"Extradition for more than one offence",

is remarkably brief. I am concerned—I think I have cause to be—that in only four lines, the Secretary of State is given power by order subject to the negative procedure to modify the provisions of the Bill in relation to a extradition requests for more than one offence. The Explanatory Notes are hardly more helpful or explanatory, because they consist of only three lines. They give no comprehensible explanation of what is intended.

At first glance, it seemed to me that there was a dangerously fine line between providing for modifications for multiple offences and overriding the speciality rule, which we have discussed at great length during various debates in Committee. The noble Lord, Lord Davies, mentioned the Select Committee on Delegated Powers and Regulatory Reform. I was heartened by its comments when it stated:

    "This clause allows the Secretary of State to modify the provisions of the Bill in cases where there is more than one offence for which extradition is requested. The extradition procedure will be the same as it is set out in the Bill. There will be a procedure for accommodating multiple requests which will be laid out in the order. It is possible for an extradition request to be submitted for multiple offences and provision should be made for that. An order made under this power will be subject to the negative resolution procedure by virtue of Clause 209(5). This is felt to be the appropriate level of parliamentary scrutiny given the technical nature of this provision".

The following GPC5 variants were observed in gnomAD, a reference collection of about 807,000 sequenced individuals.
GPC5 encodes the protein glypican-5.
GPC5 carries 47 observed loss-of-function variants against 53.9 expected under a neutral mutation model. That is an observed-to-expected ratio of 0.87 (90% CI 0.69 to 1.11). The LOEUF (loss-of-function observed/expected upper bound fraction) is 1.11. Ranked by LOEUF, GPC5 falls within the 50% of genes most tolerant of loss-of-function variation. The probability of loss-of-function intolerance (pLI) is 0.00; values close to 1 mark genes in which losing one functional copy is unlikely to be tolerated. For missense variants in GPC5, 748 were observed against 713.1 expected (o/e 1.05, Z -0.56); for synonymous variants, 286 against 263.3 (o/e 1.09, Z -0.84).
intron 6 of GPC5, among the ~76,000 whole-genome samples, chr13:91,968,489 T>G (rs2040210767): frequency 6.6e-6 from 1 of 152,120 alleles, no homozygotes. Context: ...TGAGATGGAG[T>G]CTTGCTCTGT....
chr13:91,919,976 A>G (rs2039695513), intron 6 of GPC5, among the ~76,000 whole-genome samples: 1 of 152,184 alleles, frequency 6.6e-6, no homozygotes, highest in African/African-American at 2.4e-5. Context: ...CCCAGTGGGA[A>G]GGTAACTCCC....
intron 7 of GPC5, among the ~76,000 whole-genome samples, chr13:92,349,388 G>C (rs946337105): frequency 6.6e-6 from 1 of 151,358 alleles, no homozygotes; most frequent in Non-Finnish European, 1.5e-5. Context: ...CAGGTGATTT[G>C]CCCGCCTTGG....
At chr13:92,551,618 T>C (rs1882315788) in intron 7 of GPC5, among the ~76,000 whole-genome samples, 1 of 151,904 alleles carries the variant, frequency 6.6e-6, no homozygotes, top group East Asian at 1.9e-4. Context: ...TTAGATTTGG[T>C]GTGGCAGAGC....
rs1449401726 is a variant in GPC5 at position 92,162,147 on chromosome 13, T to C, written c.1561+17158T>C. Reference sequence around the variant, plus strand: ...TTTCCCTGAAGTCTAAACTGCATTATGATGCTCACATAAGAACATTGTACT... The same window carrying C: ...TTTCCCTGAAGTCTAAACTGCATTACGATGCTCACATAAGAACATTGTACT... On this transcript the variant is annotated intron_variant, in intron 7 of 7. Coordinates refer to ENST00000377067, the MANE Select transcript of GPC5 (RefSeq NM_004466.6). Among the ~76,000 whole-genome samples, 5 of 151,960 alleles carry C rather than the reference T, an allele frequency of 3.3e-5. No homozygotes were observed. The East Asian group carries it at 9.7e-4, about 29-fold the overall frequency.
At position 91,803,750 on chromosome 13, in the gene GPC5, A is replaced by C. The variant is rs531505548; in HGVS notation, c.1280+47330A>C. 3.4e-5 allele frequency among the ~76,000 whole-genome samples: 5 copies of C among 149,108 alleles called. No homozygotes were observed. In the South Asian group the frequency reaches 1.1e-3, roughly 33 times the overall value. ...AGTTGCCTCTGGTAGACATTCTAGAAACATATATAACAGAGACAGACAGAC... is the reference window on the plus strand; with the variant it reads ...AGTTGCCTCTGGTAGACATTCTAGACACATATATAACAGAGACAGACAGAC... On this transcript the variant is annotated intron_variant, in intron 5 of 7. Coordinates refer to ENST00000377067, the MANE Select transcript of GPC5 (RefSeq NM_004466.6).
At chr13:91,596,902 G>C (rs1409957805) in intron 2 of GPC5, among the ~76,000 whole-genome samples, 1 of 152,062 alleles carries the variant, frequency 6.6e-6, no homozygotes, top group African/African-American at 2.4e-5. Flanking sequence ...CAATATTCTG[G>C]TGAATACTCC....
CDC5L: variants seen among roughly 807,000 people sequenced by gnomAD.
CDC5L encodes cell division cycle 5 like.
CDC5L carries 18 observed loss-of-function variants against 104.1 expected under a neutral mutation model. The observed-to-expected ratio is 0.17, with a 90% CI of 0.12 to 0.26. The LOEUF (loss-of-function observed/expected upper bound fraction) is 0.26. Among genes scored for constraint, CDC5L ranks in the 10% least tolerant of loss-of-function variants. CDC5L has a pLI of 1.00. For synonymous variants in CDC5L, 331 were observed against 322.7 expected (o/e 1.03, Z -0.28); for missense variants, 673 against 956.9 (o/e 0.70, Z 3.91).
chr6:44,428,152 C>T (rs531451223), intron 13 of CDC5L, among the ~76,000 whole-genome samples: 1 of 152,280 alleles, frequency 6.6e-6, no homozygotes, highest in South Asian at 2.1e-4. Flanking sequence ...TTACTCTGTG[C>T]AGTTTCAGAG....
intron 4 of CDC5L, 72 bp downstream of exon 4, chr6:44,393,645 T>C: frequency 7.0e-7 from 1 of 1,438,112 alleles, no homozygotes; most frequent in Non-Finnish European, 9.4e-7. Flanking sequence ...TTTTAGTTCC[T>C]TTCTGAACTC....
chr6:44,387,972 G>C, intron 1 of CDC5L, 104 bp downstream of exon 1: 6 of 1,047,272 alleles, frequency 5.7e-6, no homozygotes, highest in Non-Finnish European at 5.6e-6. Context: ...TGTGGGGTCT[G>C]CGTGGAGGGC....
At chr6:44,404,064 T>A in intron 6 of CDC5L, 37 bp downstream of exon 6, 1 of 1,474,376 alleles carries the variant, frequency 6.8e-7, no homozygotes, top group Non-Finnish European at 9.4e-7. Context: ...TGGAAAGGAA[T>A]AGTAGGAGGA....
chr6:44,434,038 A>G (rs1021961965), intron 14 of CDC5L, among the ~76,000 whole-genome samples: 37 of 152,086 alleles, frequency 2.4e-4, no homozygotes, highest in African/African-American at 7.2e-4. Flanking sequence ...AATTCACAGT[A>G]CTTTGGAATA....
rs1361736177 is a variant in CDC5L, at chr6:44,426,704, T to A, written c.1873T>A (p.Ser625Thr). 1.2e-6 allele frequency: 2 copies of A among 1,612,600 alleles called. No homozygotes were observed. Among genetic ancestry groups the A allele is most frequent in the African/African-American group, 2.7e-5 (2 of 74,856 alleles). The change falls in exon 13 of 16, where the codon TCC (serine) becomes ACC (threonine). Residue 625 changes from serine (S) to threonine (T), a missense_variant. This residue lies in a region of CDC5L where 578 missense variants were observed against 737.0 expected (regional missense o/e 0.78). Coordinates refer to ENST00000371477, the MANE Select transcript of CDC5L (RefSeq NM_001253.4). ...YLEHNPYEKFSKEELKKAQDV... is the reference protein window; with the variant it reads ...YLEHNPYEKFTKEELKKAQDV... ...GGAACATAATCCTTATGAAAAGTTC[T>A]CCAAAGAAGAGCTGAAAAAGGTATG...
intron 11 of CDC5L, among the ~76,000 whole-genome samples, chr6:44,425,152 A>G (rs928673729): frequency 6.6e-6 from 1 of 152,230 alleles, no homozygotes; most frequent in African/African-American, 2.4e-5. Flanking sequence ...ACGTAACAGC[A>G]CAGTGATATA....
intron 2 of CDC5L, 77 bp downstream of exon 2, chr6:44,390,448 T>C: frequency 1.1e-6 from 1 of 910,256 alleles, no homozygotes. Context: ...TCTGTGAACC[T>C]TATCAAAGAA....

I take it, then, that the purpose of the clause is to allow for one extradition request to be made for someone accused of multiple offences committed at the same time. It would clearly be nonsense for five individual requests to be made for a number of offences committed simultaneously on one occasion. It would be helpful for the Committee if the Minister would clarify what form those "specified modifications" might take. That is why I tabled

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Amendment No. 251 on a probing basis. The clause would benefit from some proper explanation. The Minister may be able to give us some examples in which the clause would be necessary.

Finally, as far as I can see, the European arrest warrant makes no provision for such circumstances. I should be interested to hear whether the Minister knows of any other countries that have adopted or proposed similar provisions in their domestic legislation. I beg to move.